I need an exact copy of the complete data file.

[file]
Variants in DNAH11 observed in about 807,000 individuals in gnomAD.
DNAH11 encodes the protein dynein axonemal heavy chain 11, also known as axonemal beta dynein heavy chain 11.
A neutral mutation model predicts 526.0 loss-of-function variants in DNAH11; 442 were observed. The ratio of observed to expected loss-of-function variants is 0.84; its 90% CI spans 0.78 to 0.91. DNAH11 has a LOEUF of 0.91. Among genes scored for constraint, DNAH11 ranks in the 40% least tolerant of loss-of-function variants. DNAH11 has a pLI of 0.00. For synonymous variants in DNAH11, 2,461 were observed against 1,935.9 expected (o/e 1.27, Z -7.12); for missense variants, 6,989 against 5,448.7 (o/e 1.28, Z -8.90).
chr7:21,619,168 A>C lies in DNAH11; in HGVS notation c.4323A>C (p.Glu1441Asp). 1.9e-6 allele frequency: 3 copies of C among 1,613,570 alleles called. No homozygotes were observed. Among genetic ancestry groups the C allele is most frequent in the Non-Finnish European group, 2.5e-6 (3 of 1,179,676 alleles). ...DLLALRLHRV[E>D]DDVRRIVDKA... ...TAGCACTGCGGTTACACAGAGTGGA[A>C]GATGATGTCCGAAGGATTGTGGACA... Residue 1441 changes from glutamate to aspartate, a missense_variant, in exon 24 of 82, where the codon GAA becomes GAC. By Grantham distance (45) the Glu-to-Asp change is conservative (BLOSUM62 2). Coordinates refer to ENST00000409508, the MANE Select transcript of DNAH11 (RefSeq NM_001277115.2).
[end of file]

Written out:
Variants in DNAH11 observed in about 807,000 individuals in gnomAD.
DNAH11 encodes the protein dynein axonemal heavy chain 11, also known as axonemal beta dynein heavy chain 11.
A neutral mutation model predicts 526.0 loss-of-function variants in DNAH11; 442 were observed. The ratio of observed to expected loss-of-function variants is 0.84; its 90% CI spans 0.78 to 0.91. DNAH11 has a LOEUF of 0.91. Among genes scored for constraint, DNAH11 ranks in the 40% least tolerant of loss-of-function variants. DNAH11 has a pLI of 0.00. For synonymous variants in DNAH11, 2,461 were observed against 1,935.9 expected (o/e 1.27, Z -7.12); for missense variants, 6,989 against 5,448.7 (o/e 1.28, Z -8.90).
chr7:21,619,168 A>C lies in DNAH11; in HGVS notation c.4323A>C (p.Glu1441Asp). 1.9e-6 allele frequency: 3 copies of C among 1,613,570 alleles called. No homozygotes were observed. Among genetic ancestry groups the C allele is most frequent in the Non-Finnish European group, 2.5e-6 (3 of 1,179,676 alleles). ...DLLALRLHRV[E>D]DDVRRIVDKA... ...TAGCACTGCGGTTACACAGAGTGGA[A>C]GATGATGTCCGAAGGATTGTGGACA... Residue 1441 changes from glutamate to aspartate, a missense_variant, in exon 24 of 82, where the codon GAA becomes GAC. By Grantham distance (45) the Glu-to-Asp change is conservative (BLOSUM62 2). Coordinates refer to ENST00000409508, the MANE Select transcript of DNAH11 (RefSeq NM_001277115.2).